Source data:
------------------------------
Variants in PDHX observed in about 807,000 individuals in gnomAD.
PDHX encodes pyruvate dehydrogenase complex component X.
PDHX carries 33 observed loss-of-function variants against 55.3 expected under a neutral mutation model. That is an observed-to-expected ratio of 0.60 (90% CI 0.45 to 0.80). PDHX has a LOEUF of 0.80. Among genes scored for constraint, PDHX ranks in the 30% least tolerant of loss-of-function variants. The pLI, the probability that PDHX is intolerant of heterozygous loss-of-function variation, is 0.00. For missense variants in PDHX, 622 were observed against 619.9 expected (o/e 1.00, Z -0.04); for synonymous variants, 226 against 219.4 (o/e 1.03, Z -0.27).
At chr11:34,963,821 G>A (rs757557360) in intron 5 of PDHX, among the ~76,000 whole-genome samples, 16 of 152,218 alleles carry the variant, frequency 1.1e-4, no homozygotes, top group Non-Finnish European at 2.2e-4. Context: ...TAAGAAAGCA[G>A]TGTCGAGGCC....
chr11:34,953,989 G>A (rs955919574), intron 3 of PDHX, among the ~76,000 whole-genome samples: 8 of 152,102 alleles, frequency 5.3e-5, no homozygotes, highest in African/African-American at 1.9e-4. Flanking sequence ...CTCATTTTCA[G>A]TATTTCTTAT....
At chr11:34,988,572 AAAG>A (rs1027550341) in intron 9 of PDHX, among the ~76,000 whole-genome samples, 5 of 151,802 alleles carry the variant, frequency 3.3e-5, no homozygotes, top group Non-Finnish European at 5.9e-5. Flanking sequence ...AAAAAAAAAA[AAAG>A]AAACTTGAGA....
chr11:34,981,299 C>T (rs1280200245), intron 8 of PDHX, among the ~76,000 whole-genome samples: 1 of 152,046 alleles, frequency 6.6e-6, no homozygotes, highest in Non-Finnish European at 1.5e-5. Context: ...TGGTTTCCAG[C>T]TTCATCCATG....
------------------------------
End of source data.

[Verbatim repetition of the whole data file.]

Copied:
Variants in PDHX observed in about 807,000 individuals in gnomAD.
PDHX encodes pyruvate dehydrogenase complex component X.
PDHX carries 33 observed loss-of-function variants against 55.3 expected under a neutral mutation model. That is an observed-to-expected ratio of 0.60 (90% CI 0.45 to 0.80). PDHX has a LOEUF of 0.80. Among genes scored for constraint, PDHX ranks in the 30% least tolerant of loss-of-function variants. The pLI, the probability that PDHX is intolerant of heterozygous loss-of-function variation, is 0.00. For missense variants in PDHX, 622 were observed against 619.9 expected (o/e 1.00, Z -0.04); for synonymous variants, 226 against 219.4 (o/e 1.03, Z -0.27).
At chr11:34,963,821 G>A (rs757557360) in intron 5 of PDHX, among the ~76,000 whole-genome samples, 16 of 152,218 alleles carry the variant, frequency 1.1e-4, no homozygotes, top group Non-Finnish European at 2.2e-4. Context: ...TAAGAAAGCA[G>A]TGTCGAGGCC....
chr11:34,953,989 G>A (rs955919574), intron 3 of PDHX, among the ~76,000 whole-genome samples: 8 of 152,102 alleles, frequency 5.3e-5, no homozygotes, highest in African/African-American at 1.9e-4. Flanking sequence ...CTCATTTTCA[G>A]TATTTCTTAT....
At chr11:34,988,572 AAAG>A (rs1027550341) in intron 9 of PDHX, among the ~76,000 whole-genome samples, 5 of 151,802 alleles carry the variant, frequency 3.3e-5, no homozygotes, top group Non-Finnish European at 5.9e-5. Flanking sequence ...AAAAAAAAAA[AAAG>A]AAACTTGAGA....
chr11:34,981,299 C>T (rs1280200245), intron 8 of PDHX, among the ~76,000 whole-genome samples: 1 of 152,046 alleles, frequency 6.6e-6, no homozygotes, highest in Non-Finnish European at 1.5e-5. Context: ...TGGTTTCCAG[C>T]TTCATCCATG....